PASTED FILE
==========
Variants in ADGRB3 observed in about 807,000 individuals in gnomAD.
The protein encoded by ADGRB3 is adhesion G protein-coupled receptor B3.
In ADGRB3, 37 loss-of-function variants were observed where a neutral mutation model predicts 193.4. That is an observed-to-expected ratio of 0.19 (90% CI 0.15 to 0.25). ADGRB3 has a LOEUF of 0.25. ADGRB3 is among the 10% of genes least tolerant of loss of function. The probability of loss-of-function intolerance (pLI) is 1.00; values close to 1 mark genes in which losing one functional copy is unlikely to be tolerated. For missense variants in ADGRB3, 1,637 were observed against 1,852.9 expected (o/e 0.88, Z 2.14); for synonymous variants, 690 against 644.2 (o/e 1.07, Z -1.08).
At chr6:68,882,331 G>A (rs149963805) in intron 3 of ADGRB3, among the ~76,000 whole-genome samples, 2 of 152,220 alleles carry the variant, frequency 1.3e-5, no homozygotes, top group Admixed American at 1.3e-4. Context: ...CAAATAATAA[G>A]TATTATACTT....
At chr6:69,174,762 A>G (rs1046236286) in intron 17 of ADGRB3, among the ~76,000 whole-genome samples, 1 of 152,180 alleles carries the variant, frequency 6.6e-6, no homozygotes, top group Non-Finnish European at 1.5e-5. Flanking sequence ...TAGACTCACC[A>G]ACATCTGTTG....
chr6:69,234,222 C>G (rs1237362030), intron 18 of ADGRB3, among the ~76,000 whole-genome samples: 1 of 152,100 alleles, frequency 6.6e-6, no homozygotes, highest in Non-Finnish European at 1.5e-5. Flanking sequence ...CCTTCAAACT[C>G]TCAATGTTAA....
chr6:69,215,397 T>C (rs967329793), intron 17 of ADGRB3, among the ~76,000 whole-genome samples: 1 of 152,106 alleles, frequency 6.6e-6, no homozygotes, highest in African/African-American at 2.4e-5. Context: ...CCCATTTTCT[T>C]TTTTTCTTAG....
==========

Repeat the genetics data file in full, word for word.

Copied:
Variants in ADGRB3 observed in about 807,000 individuals in gnomAD.
The protein encoded by ADGRB3 is adhesion G protein-coupled receptor B3.
In ADGRB3, 37 loss-of-function variants were observed where a neutral mutation model predicts 193.4. That is an observed-to-expected ratio of 0.19 (90% CI 0.15 to 0.25). ADGRB3 has a LOEUF of 0.25. ADGRB3 is among the 10% of genes least tolerant of loss of function. The probability of loss-of-function intolerance (pLI) is 1.00; values close to 1 mark genes in which losing one functional copy is unlikely to be tolerated. For missense variants in ADGRB3, 1,637 were observed against 1,852.9 expected (o/e 0.88, Z 2.14); for synonymous variants, 690 against 644.2 (o/e 1.07, Z -1.08).
At chr6:68,882,331 G>A (rs149963805) in intron 3 of ADGRB3, among the ~76,000 whole-genome samples, 2 of 152,220 alleles carry the variant, frequency 1.3e-5, no homozygotes, top group Admixed American at 1.3e-4. Context: ...CAAATAATAA[G>A]TATTATACTT....
At chr6:69,174,762 A>G (rs1046236286) in intron 17 of ADGRB3, among the ~76,000 whole-genome samples, 1 of 152,180 alleles carries the variant, frequency 6.6e-6, no homozygotes, top group Non-Finnish European at 1.5e-5. Flanking sequence ...TAGACTCACC[A>G]ACATCTGTTG....
chr6:69,234,222 C>G (rs1237362030), intron 18 of ADGRB3, among the ~76,000 whole-genome samples: 1 of 152,100 alleles, frequency 6.6e-6, no homozygotes, highest in Non-Finnish European at 1.5e-5. Flanking sequence ...CCTTCAAACT[C>G]TCAATGTTAA....
chr6:69,215,397 T>C (rs967329793), intron 17 of ADGRB3, among the ~76,000 whole-genome samples: 1 of 152,106 alleles, frequency 6.6e-6, no homozygotes, highest in African/African-American at 2.4e-5. Context: ...CCCATTTTCT[T>C]TTTTTCTTAG....